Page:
Friday, 28 January 2011
Slippery plant solution*
A few years back I was talking to Angela Catterns on the 702 Weekday Breakfast Show about a new edition of Wildsolutions, a great little book by Andrew Beattie, Paul Ehrlich and Chris Turnbill. One of the fascinating stories in this book was about the, now trademarked, ‘Lotus Effect’.
Water doesn’t adhere to most leaf surfaces – generally it forms drops that roll off the leaf and hopefully onto the ground for the roots to take up – but some leaves are slipperier than others.
Even honey and glue won’t stick to a Lotus (Nelumbo) leaf. When a drop of water rolls around the leaf it picks up dirt and fungal spores and effectively cleans the leaf surface. So a Lotus leaf is always dry and clean.
Researchers in recent years have found that at a microscopic level, the leaf surface is covered in tiny irregular bumps topped by tinier spikes pointing upwards. Water drops only touch the top of the spikes and like a beach ball at the cricket seem to float over the surface.
Dew drops can condense on the leaves at night but a gentle vibration, such a morning gust of wind, causes the water to spring off the surface and roll off (tested by applying a lotus leaf to the woofer on a stereo speaker).
“Anti-dew superhydrophobicity” is now all the rage in physics and popular for self-cleaning glasses, water repellant paints and faster boats. It’s been suggested that one per cent of fuel consumption world-wide could be saved by applying a coating to ships similar to that on a lotus leaf or another slippery plant surface, the water fern Salvinia.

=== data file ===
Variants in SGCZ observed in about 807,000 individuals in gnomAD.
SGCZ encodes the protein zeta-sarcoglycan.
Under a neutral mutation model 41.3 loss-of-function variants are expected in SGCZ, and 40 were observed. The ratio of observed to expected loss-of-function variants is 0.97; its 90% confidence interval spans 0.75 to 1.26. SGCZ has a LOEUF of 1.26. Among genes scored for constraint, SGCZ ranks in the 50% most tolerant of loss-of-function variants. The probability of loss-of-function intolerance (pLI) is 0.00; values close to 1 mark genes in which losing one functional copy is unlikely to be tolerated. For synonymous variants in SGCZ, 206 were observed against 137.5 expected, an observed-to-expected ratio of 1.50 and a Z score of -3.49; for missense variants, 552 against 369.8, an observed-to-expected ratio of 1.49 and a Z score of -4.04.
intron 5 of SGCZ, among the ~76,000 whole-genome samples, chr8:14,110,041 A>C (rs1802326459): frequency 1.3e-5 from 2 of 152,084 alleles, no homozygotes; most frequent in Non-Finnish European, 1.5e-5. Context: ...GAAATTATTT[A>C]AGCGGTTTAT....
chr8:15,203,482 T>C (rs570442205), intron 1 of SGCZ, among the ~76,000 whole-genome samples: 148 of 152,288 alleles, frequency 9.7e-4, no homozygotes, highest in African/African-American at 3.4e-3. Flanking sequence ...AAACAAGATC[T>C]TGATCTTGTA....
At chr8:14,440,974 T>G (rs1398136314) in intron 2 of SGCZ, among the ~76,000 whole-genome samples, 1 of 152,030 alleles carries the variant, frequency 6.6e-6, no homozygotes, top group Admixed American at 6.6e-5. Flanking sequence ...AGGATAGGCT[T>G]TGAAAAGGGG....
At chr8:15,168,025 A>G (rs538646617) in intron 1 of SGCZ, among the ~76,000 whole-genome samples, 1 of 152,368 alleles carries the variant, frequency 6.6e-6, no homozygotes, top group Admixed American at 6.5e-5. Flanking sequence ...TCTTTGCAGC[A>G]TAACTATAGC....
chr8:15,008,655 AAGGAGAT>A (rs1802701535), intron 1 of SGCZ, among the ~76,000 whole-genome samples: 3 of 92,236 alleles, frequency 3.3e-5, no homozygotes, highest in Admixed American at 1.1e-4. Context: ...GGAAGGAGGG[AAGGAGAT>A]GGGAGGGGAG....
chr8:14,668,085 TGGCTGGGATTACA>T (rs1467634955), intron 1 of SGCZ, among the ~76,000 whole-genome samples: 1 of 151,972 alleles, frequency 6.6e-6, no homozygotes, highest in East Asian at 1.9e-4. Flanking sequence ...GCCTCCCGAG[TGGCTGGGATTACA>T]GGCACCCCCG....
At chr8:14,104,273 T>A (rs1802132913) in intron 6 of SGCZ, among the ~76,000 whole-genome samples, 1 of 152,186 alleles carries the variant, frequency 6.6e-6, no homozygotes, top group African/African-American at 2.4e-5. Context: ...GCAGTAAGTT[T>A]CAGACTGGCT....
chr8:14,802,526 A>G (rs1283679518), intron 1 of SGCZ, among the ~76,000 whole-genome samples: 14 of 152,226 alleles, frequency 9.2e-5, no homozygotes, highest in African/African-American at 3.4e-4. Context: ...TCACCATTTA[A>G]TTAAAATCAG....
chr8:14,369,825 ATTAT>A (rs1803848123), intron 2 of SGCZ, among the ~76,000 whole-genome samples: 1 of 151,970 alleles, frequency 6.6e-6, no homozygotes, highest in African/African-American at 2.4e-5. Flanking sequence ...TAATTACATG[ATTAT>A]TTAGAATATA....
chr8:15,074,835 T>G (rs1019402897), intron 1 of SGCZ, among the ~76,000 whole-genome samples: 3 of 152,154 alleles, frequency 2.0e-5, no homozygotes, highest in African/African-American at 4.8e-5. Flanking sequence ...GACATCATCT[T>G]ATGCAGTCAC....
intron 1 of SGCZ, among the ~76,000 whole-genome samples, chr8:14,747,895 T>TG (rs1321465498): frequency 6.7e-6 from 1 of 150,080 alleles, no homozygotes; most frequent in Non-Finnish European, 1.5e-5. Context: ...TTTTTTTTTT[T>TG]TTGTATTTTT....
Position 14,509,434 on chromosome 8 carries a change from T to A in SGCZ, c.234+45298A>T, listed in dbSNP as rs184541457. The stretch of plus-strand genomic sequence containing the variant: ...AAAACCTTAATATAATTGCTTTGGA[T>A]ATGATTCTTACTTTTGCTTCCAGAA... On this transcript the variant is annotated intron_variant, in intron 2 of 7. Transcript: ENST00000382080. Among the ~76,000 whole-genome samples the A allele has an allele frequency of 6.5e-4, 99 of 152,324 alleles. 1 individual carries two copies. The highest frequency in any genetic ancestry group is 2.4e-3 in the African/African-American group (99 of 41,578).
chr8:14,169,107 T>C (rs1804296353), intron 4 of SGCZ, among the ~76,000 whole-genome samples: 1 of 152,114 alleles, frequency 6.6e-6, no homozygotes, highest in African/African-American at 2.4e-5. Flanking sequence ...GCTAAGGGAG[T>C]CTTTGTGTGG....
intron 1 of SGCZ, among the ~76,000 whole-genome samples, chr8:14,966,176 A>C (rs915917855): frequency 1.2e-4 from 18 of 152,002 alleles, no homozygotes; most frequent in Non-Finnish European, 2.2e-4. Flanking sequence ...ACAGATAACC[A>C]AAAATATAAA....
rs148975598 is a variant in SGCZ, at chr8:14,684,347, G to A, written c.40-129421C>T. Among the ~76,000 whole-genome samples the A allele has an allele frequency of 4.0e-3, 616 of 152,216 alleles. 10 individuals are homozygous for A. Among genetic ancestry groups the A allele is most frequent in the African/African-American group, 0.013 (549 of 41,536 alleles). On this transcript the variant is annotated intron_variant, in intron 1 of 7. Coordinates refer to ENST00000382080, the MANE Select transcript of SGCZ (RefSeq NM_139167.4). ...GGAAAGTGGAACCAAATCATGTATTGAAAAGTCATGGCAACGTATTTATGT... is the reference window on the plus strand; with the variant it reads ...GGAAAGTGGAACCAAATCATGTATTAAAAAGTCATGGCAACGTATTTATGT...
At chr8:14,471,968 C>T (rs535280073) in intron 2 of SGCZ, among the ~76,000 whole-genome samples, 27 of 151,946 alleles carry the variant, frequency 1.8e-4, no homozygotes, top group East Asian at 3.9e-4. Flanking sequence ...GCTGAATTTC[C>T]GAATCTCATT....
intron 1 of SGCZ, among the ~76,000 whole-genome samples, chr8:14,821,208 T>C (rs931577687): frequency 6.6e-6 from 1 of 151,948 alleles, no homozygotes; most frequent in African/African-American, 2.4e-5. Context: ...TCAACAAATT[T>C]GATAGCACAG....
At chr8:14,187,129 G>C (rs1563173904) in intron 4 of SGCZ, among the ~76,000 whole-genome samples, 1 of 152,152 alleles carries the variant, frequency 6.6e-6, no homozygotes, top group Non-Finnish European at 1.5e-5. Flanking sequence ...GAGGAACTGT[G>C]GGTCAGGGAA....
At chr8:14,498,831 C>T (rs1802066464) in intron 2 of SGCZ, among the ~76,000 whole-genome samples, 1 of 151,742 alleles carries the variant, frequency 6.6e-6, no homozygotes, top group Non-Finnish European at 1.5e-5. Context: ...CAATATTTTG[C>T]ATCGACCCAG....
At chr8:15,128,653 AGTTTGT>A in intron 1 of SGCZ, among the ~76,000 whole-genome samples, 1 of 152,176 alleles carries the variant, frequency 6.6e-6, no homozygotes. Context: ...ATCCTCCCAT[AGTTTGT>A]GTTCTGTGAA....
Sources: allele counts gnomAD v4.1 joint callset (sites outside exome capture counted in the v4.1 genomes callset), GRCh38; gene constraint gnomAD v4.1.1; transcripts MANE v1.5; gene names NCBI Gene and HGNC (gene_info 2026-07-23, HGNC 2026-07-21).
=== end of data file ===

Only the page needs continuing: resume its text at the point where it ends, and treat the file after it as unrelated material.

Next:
There are applications in space. A NASA team is looking at a lotus solution to stop dirt sticking to spaceflight equipment and bacteria from growing inside space ships.
Back on Planet Earth, a lot has happened in the Royal Botanic Gardens in 4-5 years since I spoke with Angela. Then we couldn’t get lotus to grow in our pond. The trick was to plant more lotus than the water hens could nibble, and eventually it took off to produce the spectacular display you see today.
*This Passion for Plants posting will also appear on the ABC Sydney website (under 'Weekends' or search 'gardening'), and is the gist of my 702AM radio interview with Simon Marnie on Saturday morning, between 9-10 am.
Image: Lotus, doing their thing in Adelaide's Botanic Garden, in 2005